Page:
Name of a
monkey of the genus Macaca,
of which there are several species, including five that are found in
Thailand, i.e. the
Crab-eating Macaque (Macaca irus or
(Macaca nemestrina or
ling hang san -
Rhesus Macaque (Macaca mulatta or
ling wok -
Macaque (Macaca assamensis or
ling wok phu khao -
fig.) and the
Stump-tailed Macaque (Macaca
ling sen -
Beside these, there is yet another species of Pig-tailed Macaque,
known as the Northern Pig-tailed Macaque, genus Macaca leonina, but
this has traditionally been considered a subspecies of Macaca nemestrina.
To distinguish the two, Macaca nemestrina is also referred to as
usually not afraid of
water, but not all species are good swimmers, though some are, and a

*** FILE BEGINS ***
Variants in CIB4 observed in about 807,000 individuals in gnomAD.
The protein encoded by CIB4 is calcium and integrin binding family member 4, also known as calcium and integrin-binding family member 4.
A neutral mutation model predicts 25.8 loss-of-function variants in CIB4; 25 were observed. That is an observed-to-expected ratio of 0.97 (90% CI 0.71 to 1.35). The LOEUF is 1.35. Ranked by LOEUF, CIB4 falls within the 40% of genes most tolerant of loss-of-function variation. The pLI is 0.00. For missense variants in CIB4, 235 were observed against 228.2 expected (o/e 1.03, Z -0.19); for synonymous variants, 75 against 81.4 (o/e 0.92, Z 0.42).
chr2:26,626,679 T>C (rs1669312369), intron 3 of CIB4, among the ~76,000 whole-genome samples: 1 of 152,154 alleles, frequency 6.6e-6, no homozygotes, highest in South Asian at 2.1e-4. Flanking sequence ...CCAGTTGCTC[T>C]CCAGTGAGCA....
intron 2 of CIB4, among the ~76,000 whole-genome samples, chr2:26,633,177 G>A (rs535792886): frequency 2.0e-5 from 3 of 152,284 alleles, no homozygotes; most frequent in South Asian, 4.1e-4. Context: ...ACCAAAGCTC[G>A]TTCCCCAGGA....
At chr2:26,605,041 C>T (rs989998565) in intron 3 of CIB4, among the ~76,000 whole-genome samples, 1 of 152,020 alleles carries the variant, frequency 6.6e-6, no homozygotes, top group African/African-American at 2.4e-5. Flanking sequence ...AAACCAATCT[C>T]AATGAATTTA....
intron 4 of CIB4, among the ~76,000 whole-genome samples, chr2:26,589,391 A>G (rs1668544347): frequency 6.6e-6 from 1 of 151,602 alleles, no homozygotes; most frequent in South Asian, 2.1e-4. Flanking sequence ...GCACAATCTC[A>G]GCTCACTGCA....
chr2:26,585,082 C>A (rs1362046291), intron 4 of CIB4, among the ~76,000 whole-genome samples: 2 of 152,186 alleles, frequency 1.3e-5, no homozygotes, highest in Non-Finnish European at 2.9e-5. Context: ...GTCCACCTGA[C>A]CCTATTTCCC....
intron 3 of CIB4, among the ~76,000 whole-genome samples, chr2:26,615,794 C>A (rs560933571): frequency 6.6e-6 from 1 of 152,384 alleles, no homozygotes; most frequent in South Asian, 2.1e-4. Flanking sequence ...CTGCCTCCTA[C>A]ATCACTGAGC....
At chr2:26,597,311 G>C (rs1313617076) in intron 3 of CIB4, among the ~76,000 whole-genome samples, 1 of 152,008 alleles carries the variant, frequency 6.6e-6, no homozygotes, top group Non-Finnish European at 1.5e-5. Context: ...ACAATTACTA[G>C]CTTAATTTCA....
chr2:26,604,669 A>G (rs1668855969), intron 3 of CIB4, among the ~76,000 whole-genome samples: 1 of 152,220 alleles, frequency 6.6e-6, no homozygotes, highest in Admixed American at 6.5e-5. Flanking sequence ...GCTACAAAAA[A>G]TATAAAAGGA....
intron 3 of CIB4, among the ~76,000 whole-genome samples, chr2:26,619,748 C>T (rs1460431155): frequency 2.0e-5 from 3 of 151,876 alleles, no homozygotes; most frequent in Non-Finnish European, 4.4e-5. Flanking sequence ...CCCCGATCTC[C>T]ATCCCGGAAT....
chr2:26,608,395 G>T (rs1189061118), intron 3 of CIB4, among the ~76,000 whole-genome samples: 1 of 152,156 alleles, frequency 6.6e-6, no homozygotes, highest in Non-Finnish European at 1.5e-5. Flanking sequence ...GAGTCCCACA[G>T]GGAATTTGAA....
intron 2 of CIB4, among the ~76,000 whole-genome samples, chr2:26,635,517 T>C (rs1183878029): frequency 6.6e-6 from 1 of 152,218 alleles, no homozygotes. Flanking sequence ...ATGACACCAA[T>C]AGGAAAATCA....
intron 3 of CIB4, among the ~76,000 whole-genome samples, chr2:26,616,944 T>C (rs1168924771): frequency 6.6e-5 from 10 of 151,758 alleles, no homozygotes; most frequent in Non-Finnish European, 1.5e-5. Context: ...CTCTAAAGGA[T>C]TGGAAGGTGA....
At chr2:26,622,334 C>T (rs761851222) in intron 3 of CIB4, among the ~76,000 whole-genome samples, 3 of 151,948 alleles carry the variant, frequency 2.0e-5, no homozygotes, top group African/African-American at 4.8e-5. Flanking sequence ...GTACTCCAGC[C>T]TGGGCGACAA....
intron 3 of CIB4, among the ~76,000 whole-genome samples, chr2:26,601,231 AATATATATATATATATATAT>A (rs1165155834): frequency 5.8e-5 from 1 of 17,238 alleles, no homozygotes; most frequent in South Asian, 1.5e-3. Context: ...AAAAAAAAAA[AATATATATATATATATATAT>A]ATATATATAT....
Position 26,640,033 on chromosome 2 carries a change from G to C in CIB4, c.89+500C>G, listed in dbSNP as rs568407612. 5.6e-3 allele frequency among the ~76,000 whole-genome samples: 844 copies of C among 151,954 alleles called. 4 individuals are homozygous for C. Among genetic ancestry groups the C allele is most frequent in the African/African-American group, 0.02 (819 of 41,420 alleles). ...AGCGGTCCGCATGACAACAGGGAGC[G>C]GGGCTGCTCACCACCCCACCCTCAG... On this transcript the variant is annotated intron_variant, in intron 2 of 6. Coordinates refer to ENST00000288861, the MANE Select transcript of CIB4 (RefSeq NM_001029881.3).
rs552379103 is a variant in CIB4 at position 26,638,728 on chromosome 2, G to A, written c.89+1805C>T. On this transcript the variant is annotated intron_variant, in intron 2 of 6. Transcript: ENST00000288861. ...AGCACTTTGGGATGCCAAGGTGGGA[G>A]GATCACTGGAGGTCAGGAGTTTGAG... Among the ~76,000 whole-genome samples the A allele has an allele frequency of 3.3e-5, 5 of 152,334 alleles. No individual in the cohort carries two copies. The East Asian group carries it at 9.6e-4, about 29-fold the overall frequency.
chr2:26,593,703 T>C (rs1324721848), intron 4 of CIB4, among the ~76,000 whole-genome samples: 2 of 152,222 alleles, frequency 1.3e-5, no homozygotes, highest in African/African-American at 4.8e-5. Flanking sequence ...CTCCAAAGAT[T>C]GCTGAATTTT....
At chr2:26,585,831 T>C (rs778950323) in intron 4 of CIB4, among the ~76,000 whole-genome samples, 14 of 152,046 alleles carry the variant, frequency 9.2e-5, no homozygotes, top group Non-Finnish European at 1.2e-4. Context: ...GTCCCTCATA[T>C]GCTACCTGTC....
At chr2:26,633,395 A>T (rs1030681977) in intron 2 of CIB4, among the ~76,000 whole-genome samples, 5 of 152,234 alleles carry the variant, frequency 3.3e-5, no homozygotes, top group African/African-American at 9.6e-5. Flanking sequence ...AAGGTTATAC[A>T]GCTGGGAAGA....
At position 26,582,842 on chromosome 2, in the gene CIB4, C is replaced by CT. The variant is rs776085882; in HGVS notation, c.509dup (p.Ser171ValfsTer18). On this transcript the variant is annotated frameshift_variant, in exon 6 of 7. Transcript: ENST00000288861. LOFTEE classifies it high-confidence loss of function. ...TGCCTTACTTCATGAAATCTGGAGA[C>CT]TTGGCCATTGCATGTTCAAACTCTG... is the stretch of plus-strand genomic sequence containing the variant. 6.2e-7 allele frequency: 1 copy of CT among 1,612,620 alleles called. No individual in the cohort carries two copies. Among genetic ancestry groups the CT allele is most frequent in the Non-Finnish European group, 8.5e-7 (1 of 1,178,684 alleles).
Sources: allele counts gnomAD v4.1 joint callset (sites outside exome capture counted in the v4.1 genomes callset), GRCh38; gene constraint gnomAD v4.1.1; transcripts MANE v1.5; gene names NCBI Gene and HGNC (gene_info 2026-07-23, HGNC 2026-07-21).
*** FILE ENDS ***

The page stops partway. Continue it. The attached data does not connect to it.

even like to dive (fig.).
Some species, especially Pig-tail Macaques,
are trained for picking
Typically, macaques often store food for short periods of time in
their cheeks, which they use as pouches. In Thai they
are generally called
but are specified with other or additional names.
Etymologically the word macaque comes from the Portuguese word macaco which was picked up from makaku, a word from a West African
tongue called Fiot, in which the word kaku means ‘monkey’.
In southern Thailand the Malay term
is often used to refer to the Southern Pig-tail Macaque, though in
reality the term refers to any type of monkey or macaque. In India,
macaques and some other monkeys
are considered the warriors of King
and when one of them dies near a Hindu
community, it is given the proper respect and rites for the dead (fig.).
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